Let’s say the Shrek defense team wants more oomph than simply who saw what. They want an expert in the field of forensic engineering. They find their man who will opine that the fault lies not with Shrek or Donkey but is, in fact, the fault of Farquaad’s roadway engineers. But, alas, the expert has a novel theory. Once qualified to offer his opinion, the forensic scientist will crook a boney finger at the king’s men and lay fault at their feet, thus absolving Shrek of culpability.
Now, note that I used the work “qualify.” The defense team can’t trot just any Manny, Moe or Jack into the courtroom to offer his opinion. No, instead they must first qualify him as an expert in the particular field in which he his chafing to offer his opinion. And since the theory he intends to offer in this case is a bit off-kilter, that is where we shift from your Shrek to my Shreck.
Colorado’s People v. Shreck
In People v. Shreck, a 2001 Colorado Supreme Court case, the court adopted a flexible approach to fulfill the need for preliminary inquiry into the relevance and reliability of expert testimony. Let’s call this “vetting,” if you will, the testimony the expert wishes to introduce.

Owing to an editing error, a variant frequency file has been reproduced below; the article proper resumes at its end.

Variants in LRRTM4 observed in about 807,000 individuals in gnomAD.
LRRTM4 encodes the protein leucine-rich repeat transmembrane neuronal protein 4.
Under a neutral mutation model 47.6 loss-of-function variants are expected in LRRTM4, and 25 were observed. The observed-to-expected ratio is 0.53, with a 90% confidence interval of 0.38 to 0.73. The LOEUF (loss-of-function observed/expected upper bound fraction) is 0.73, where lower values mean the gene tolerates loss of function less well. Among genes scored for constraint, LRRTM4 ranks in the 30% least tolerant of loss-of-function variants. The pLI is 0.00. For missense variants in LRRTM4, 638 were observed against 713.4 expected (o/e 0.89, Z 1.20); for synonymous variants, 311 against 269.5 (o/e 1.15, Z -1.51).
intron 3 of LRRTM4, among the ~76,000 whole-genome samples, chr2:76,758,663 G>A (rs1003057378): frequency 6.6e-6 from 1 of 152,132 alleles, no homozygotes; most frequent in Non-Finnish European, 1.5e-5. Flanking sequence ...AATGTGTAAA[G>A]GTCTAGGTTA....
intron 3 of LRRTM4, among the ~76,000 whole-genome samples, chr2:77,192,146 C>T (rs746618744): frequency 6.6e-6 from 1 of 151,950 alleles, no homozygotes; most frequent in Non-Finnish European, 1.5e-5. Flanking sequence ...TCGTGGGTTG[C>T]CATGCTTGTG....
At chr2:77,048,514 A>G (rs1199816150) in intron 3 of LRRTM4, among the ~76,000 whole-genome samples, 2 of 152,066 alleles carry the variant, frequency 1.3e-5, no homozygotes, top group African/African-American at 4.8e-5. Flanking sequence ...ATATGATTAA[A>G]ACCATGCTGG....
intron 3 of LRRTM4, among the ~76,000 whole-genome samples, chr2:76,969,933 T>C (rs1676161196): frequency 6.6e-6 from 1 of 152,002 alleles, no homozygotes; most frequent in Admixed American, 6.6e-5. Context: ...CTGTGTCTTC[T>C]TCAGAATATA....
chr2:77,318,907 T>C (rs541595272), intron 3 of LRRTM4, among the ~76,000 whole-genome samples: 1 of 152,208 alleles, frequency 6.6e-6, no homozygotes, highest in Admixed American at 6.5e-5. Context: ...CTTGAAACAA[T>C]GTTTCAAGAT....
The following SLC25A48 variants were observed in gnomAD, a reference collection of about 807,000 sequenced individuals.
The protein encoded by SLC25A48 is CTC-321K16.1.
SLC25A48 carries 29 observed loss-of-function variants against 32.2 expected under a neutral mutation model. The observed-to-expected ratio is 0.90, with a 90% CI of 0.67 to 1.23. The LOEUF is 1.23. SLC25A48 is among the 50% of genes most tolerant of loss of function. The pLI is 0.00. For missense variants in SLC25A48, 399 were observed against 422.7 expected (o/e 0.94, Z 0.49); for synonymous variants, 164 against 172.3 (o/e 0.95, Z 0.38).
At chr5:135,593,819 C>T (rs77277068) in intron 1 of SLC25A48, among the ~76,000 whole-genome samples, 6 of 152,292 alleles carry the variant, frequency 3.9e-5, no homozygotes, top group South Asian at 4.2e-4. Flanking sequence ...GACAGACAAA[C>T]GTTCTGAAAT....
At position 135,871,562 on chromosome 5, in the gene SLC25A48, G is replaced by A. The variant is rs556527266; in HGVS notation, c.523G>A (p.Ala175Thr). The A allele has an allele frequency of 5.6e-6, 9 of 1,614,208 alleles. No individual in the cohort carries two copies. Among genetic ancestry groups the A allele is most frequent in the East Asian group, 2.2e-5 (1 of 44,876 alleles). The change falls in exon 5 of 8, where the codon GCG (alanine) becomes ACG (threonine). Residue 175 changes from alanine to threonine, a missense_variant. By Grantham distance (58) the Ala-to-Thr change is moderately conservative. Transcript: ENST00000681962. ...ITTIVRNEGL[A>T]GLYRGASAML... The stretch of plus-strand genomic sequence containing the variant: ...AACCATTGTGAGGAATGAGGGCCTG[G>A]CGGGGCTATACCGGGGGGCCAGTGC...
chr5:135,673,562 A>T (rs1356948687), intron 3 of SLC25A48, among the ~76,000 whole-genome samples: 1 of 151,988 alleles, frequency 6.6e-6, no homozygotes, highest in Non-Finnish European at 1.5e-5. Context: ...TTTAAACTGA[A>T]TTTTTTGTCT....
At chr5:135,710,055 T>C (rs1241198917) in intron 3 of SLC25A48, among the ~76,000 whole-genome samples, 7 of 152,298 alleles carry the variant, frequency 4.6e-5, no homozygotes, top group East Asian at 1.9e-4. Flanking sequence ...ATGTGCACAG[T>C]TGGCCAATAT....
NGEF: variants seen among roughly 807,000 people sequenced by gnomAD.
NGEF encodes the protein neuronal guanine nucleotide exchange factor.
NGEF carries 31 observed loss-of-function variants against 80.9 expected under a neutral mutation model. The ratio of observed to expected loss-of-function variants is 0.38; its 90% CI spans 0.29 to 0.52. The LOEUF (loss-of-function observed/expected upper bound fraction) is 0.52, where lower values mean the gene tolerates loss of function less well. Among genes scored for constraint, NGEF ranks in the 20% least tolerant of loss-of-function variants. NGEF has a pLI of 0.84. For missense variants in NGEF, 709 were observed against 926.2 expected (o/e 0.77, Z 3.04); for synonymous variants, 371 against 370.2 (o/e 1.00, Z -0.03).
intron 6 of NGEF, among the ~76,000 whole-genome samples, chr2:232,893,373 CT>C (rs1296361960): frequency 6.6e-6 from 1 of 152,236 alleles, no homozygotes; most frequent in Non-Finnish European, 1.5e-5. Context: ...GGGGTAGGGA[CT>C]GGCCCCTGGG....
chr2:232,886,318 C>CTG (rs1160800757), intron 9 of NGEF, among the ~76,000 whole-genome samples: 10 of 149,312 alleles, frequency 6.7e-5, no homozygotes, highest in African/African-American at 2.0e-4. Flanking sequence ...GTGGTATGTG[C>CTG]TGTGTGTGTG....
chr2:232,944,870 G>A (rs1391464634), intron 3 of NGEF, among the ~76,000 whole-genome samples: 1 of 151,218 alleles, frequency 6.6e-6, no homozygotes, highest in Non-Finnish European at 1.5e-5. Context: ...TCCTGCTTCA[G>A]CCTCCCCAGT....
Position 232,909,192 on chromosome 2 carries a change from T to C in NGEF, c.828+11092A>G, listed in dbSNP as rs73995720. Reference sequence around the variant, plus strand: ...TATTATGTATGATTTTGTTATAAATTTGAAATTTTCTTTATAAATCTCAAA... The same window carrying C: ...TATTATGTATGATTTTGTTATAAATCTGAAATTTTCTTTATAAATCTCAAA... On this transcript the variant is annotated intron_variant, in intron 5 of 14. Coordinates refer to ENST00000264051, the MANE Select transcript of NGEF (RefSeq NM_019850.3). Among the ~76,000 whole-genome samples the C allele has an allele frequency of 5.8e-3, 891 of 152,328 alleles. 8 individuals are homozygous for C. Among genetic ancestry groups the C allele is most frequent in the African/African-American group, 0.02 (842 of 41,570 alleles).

The Shreck case involved an alleged sexual assault. There, the prosecution sought to admit a particular type of DNA evidence indicating the defendant had, in fact, committed the alleged crimes. The defense moved to bar use of the DNA evidence because the specific tests and methods of collection were not generally accepted by the relevant scientific community. The trial court agreed and held that the DNA evidence was inadmissible.
When the matter worked its way up the Colorado Supreme Court, however, the court overturned the trial court’s ruling, stating that the focus of such inquiry must be whether the proposed scientific evidence is both reliable and relevant. When determining relevance, courts should consider whether the proffered testimony will be useful to the fact-finder. When determining reliability, courts should look to: One, whether the scientific principles on which the witness relies are reasonably reliable; and, two, whether the particular witness is qualified to testify on such matters.